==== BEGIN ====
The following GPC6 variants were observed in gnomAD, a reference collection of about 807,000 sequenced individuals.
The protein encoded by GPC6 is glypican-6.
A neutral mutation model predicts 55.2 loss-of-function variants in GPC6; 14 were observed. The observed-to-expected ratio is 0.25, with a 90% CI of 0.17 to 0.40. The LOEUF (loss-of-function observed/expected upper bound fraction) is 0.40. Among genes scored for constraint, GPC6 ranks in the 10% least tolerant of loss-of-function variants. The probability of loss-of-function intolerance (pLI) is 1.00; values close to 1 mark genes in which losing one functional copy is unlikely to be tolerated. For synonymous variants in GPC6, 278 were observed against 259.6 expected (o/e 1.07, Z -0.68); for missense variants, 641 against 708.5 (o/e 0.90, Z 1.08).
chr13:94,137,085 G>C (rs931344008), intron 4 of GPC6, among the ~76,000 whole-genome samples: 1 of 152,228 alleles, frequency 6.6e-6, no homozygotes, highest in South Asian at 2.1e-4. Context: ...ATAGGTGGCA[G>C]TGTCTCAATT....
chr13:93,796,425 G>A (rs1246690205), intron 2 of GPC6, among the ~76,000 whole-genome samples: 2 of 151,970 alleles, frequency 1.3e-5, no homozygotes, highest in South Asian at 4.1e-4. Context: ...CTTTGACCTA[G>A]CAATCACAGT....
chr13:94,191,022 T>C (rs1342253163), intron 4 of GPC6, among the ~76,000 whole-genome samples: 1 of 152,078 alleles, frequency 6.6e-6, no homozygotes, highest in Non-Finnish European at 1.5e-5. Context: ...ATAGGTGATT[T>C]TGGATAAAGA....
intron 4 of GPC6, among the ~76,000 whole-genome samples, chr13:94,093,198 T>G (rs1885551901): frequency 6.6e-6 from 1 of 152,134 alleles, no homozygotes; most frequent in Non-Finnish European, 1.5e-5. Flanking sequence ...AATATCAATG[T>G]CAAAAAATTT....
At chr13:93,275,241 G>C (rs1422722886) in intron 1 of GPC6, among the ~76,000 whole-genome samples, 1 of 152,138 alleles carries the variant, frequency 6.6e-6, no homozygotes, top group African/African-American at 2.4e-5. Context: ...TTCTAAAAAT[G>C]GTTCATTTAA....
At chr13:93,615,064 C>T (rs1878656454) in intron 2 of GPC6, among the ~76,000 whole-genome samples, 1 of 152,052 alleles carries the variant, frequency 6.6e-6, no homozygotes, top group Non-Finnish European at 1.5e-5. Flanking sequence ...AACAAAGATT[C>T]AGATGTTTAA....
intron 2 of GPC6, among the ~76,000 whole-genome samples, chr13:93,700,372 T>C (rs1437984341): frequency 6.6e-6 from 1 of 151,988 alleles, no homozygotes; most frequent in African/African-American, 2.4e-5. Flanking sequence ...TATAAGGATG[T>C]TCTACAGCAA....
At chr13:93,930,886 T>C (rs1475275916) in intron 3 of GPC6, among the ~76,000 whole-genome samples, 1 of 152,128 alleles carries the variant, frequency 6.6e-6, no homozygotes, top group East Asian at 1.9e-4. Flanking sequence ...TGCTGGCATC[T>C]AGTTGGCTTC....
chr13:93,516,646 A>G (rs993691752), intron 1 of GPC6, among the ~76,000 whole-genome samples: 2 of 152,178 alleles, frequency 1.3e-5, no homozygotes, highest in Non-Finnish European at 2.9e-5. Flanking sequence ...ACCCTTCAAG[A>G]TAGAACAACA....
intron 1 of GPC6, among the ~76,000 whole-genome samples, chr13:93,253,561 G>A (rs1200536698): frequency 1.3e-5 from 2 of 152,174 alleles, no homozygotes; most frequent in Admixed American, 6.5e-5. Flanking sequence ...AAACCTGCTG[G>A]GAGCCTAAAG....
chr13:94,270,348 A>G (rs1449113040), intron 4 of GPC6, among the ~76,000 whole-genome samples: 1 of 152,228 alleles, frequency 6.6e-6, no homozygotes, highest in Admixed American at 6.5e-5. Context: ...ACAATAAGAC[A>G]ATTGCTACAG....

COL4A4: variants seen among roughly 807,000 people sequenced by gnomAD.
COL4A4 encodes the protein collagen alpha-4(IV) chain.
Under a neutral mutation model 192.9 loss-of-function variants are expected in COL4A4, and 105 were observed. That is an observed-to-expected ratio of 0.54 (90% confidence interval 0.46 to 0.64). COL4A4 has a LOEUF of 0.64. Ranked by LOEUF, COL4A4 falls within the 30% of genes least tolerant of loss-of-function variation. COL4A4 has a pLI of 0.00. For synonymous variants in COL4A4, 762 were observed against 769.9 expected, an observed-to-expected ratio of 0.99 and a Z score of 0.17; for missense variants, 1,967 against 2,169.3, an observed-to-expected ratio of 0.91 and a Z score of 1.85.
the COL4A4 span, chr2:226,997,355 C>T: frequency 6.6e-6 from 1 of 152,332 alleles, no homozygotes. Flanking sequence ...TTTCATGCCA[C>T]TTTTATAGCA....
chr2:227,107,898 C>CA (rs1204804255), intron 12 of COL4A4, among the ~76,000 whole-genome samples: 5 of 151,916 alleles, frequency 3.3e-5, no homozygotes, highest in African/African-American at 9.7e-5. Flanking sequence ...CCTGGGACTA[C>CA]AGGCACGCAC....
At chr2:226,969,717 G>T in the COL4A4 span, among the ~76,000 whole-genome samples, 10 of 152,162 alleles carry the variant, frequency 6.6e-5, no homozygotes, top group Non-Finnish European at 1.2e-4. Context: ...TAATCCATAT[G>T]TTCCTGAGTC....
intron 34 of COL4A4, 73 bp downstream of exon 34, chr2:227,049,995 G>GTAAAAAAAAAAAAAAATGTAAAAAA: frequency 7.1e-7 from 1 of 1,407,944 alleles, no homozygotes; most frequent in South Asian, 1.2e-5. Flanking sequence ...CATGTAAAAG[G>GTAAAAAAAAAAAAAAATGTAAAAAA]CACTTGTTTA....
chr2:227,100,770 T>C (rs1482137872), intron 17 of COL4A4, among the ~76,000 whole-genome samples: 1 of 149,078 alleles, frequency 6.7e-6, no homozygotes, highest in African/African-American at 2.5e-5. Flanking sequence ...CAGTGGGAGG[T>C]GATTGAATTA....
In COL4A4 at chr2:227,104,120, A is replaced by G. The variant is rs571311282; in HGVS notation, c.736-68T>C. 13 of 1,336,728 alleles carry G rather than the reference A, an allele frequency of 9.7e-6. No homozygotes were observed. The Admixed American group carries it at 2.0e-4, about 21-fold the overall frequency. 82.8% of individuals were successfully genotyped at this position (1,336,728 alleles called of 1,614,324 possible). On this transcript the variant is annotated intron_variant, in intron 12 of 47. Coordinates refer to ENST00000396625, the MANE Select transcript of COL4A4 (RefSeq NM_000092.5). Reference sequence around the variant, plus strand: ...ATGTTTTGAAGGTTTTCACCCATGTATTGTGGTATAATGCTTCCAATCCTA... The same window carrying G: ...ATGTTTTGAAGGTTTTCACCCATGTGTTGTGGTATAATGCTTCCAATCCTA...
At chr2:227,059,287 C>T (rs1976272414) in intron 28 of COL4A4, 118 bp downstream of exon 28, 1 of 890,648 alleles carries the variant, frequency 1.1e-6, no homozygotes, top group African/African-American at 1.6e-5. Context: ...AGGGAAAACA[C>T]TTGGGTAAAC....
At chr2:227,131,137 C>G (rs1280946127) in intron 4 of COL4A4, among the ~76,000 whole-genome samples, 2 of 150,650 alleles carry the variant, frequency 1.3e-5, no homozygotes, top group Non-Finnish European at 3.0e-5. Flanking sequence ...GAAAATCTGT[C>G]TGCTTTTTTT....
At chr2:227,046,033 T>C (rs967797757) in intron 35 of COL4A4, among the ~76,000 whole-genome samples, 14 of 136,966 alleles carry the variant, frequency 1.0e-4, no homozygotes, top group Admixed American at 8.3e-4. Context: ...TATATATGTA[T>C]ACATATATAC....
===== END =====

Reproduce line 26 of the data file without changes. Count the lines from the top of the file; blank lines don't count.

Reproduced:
At chr2:227,046,033 T>C (rs967797757) in intron 35 of COL4A4, among the ~76,000 whole-genome samples, 14 of 136,966 alleles carry the variant, frequency 1.0e-4, no homozygotes, top group Admixed American at 8.3e-4. Context: ...TATATATGTA[T>C]ACATATATAC....